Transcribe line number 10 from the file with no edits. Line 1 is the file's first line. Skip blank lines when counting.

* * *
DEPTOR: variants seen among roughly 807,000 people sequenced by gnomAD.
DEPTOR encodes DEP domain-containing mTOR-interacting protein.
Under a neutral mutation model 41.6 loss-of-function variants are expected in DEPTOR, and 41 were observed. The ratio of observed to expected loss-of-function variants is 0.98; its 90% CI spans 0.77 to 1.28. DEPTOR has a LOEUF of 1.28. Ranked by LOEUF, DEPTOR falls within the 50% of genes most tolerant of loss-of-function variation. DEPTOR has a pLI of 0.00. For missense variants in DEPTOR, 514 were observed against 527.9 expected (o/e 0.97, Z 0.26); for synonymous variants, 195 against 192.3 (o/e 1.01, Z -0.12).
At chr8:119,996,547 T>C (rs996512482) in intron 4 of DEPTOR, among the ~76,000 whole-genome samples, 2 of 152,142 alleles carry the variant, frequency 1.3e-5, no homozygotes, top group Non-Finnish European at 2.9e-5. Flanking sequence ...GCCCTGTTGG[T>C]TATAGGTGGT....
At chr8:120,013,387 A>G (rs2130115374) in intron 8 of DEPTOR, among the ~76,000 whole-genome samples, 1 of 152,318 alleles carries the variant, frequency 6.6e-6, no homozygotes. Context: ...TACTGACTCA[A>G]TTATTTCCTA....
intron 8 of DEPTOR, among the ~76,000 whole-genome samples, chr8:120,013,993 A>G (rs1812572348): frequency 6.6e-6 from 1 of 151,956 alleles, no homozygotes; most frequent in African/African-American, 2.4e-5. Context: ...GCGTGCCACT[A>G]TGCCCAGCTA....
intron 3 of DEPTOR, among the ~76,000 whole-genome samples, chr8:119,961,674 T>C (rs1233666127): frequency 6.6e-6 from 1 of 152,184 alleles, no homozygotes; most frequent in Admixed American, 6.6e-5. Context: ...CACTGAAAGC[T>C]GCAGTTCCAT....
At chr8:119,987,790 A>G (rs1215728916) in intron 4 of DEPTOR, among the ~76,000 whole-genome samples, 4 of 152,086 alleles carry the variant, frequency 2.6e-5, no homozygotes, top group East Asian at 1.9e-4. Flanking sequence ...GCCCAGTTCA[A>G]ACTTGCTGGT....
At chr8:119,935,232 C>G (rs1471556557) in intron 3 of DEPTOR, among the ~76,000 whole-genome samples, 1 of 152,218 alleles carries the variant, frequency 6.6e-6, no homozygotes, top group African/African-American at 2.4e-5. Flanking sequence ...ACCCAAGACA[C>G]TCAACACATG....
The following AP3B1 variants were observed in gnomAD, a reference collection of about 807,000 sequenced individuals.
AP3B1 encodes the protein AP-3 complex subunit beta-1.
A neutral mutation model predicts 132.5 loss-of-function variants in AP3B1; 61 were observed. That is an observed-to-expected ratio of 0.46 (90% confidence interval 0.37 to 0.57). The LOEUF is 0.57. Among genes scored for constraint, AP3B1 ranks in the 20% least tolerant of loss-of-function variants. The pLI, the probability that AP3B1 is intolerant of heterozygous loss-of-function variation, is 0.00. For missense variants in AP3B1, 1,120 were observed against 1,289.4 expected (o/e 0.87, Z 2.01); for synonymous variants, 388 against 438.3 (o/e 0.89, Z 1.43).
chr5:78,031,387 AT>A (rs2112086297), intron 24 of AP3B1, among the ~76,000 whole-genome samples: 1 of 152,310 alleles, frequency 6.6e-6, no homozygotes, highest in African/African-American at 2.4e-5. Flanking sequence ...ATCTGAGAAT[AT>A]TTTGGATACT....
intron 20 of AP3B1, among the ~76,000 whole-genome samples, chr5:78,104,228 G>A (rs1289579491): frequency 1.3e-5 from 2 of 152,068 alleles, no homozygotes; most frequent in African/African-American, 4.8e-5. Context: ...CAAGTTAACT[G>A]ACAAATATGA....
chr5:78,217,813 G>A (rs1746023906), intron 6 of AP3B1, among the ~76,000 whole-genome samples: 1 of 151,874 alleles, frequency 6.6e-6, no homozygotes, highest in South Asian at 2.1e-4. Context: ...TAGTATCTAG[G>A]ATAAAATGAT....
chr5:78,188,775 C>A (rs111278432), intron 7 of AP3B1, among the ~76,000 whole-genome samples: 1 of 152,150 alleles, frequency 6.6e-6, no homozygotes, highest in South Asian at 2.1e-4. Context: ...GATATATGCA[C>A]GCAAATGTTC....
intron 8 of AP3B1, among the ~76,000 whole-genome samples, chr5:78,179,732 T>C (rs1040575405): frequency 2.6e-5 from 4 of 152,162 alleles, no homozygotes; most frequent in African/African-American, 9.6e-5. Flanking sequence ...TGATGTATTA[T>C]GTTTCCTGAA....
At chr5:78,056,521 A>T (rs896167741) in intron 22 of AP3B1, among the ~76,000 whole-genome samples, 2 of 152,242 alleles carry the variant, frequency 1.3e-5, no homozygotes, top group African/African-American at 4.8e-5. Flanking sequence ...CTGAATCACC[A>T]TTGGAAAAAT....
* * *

The following AP3B1 variants were observed in gnomAD, a reference collection of about 807,000 sequenced individuals.